In the past decade, the sport of modern Wushu Taolu has seen various changes and additions to its practice and protocols.  However, these new rules are perhaps the biggest set of changes yet, with a major overhaul of requirements of optional Changquan, adding new nandu movements and connections to landings, as well as new divisions to be graded and scored.  The question remains of how well these regulations will be implemented and enforced.  No one really knows what will happen when these rules are implemented in modern Wushu Taolu competitions, and it’s anyone’s guess how the judges will enforce these regulations.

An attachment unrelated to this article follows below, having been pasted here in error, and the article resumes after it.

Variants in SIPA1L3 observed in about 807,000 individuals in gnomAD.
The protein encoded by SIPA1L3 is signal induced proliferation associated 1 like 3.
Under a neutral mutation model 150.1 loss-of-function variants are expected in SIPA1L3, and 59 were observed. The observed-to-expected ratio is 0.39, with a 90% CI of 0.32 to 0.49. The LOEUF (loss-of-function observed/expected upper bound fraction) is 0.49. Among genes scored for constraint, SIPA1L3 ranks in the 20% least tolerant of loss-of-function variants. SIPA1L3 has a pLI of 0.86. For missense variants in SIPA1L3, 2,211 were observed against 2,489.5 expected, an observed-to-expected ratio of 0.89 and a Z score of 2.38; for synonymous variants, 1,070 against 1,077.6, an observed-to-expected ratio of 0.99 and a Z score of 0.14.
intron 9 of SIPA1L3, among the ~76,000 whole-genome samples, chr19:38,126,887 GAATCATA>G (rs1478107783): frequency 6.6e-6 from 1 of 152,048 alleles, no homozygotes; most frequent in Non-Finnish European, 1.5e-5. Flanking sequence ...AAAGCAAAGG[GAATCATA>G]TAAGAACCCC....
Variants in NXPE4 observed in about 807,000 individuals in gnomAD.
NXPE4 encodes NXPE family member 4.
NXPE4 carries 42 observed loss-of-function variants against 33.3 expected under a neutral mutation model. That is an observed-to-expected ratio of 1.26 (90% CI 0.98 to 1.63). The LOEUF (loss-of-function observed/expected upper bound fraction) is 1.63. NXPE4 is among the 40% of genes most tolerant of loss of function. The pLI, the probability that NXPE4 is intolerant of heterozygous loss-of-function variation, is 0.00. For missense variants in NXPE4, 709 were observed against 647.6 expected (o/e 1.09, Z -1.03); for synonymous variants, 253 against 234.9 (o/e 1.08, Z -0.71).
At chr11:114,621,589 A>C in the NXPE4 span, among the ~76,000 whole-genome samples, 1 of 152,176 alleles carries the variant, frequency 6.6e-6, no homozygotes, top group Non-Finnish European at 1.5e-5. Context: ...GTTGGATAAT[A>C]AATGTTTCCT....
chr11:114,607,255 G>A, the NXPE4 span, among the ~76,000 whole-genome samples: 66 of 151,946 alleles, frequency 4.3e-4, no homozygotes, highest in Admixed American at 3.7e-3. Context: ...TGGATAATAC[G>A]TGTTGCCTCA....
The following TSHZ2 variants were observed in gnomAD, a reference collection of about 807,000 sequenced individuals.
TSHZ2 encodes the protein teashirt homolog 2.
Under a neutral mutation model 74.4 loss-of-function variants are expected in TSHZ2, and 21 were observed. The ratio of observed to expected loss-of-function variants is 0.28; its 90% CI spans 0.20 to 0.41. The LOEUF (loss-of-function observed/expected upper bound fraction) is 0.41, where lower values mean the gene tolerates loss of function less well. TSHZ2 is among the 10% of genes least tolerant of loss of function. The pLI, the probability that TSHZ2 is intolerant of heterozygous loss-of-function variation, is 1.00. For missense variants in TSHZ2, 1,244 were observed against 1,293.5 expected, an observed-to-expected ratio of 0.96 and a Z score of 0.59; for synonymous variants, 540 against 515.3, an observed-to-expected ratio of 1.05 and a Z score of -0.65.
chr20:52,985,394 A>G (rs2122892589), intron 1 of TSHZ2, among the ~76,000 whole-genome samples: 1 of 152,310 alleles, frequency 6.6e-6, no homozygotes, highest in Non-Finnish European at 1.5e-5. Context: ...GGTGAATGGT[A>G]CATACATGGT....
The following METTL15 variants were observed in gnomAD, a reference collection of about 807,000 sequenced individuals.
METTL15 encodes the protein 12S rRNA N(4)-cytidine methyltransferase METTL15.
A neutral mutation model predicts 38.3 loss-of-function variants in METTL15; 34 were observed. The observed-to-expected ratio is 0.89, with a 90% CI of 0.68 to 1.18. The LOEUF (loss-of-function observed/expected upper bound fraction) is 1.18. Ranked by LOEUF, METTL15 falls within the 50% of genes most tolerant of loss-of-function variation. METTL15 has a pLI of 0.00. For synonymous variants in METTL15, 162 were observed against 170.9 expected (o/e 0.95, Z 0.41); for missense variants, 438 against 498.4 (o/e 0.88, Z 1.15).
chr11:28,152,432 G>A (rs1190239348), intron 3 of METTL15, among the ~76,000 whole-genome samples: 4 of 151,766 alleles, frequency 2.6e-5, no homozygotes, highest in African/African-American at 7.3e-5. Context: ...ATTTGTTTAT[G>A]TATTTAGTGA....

Matt began practicing Wushu at the age of 7 under US Wushu Academy, and is a coach of the UMBC Wushu Club. He has held positions in national, international, and local modern Wushu competitions, and is currently training in Sanshou/Sanda, traditional Chen Style Taijiquan and zhanzhuang. He is a former four-time consecutive US Wushu Team member, former Pan American Champion and multiple times Pan American Championships medalist, and is continually trying to improve himself both as a competitive athlete and as a real martial artist. If you have any questions you would like to ask Matt, please email him at